Best Things To Do In Prague At Night

By Olya Esipova, an adventure-loving psych student who originates from Uzbekistan and spends her free time acting as a warrior for endangered animals, socialising in the streets of Prague and dancing the salsa.
Edited by Jess Wright

A city with all the magic and mystery of the gothic age, combined with the progressive mindset of a modern multicultural metropolis, Prague as a travel destination is hard to beat. The populace is open-minded, tolerant of the crowds of tourists that flock to the city, but with the healthy respect for personal space that many popular tourist destinations lack. And while prejudice is virtually non-existent, this liberal culture is complemented perfectly by the fact that Prague is safe at night. No place inhabited by crowds is entirely free of petty theft, however, so keep your belongings close. When it comes to the nightlife in prague you can always find something open, even in the icy depths of winter or deep into the night with many shops open until two in the morning. The things to do in Prague at night are so vast and varied that what you spend the evening doing really only depends on your taste. Whatever you’re craving, be it an evening exploring the weird and wonderful corners of an absinthe bar or a night dancing the salsa, there will be something to satisfy. Luckily for you I have listed all of my favourites right in this Prague nightlife guide!

Take A Stroll Through Prague Old Town

Even with minimal research you’ll never be left wondering what to do in Prague at night; this city is so wonderful to explore that you can simply pick a direction and walk, and you’re guaranteed to find yourself on the path to great adventure. Beautifully illuminated at night, the streets are stunning and safe, and I personally love nothing more than to hang out with friends, exploring the new places that are popping up all the time or the little unknown streets it is so easy to stumble upon. At night time the streets are a little quieter and you can almost get a feel of the way it was centuries ago. Take a stroll into Old Town for a traditional Czech meal of goulash, or simply admire the interesting sculptures and murals on the street. You might even make your way from Old Town Square to Charles Bridge; a popular choice amongst things to do in Prague at night. This a great route to do when you have a limited amount of Prague is a must on a list of what to do in Prague in 2 days.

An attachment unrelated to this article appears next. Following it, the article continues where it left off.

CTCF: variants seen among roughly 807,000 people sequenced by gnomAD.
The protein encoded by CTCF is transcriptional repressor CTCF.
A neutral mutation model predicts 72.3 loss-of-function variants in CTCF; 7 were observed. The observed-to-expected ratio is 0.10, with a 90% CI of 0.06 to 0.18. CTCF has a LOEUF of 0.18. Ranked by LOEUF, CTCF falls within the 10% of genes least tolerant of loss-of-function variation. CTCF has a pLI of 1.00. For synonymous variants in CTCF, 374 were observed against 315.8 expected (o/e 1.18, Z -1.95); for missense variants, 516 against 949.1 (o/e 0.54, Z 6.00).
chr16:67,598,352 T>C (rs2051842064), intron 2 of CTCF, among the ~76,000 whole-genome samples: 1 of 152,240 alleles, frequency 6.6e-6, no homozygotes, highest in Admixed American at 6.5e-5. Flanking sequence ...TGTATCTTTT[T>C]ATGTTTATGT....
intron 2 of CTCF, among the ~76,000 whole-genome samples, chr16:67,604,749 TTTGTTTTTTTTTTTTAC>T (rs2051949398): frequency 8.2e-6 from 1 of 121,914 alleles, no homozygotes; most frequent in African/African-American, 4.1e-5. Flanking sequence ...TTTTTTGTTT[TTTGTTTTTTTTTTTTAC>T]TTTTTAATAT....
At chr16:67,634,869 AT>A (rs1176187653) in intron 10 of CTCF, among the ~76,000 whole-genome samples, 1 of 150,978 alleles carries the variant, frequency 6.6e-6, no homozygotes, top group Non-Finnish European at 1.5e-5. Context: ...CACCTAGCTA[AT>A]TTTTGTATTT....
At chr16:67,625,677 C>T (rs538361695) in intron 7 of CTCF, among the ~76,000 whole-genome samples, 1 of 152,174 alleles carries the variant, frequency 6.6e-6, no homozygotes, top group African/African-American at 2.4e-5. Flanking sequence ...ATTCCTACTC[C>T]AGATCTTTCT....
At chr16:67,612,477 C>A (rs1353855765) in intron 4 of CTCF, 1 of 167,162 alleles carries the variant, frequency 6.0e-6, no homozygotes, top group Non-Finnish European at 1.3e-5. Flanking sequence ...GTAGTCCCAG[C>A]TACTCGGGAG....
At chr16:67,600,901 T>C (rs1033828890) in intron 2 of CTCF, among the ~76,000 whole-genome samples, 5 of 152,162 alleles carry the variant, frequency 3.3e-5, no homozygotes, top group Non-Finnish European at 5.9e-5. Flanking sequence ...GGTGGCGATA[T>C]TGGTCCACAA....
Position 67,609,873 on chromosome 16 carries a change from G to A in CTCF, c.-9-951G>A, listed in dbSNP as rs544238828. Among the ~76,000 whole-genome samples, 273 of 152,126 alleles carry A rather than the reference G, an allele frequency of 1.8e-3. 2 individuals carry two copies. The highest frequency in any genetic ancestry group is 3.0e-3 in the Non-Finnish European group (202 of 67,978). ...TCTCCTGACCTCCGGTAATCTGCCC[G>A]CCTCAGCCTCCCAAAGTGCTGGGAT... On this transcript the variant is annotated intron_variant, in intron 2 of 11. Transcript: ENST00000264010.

Prague Beer Museum

In city where beer is consumed more than anywhere else in the world and is cheaper than water, you can be sure to find a beer museum. The Prague Beer Museum is located on Dlouha Street right in the middle of Prague’s Old Town, and is less educational institution and more a pub dedicated to paying homage to the greatest passion of Bohemia – beer. Spacious and offering a wide variety of beer on tap, it is also reasonably priced with friendly and knowledgeable staff. The owner in particular has a wealth of knowledge on the topic of beer, and is more than willing to share. Be sure to sample the Real Deal Ale, made by Permon Brewery especially for the Beer Museum. This spot has a beer for everyone – 30 Czech beers ranging from light and crisp to dark and bitter – and a great view of the river, making it the perfect stop off for some refreshments and nibbles before or after visiting Charles Bridge. For some more helpful tips on where to feast like a king, check out this tasty Prague food guide.

Bukowski’s

Žižkov is the quintessential example of off-the-beaten track explorations, and quite distinct from Prague's old town in the sense that foreigners are assumed to be expats living in Prague rather than tourists. Quirky and offbeat, the suburb has an edgy vibe and is home to a vibrant community comprised of students, artists and musicians, flourishing in a place that offers cheap rent, charmingly dodgy pub haunts, cafes and art galleries perfect for anyone looking to escape the tourist hordes of the Old Town. And if merely escaping the tourist tack is not enough of a rebellion against the expected, than a visit to a visit to Bukowski’s should certainly do the trick. This cocktail bar, whose namesake so famously celebrated individuals living on the fringes of society, does the name justice with a carefully shabby interior; dimmed lights, wooden bookshelves and faded wallpaper. An intimate setting, friendly bartenders and a range of fresh cocktails, beer and wine to choose from.

Palac Akropolis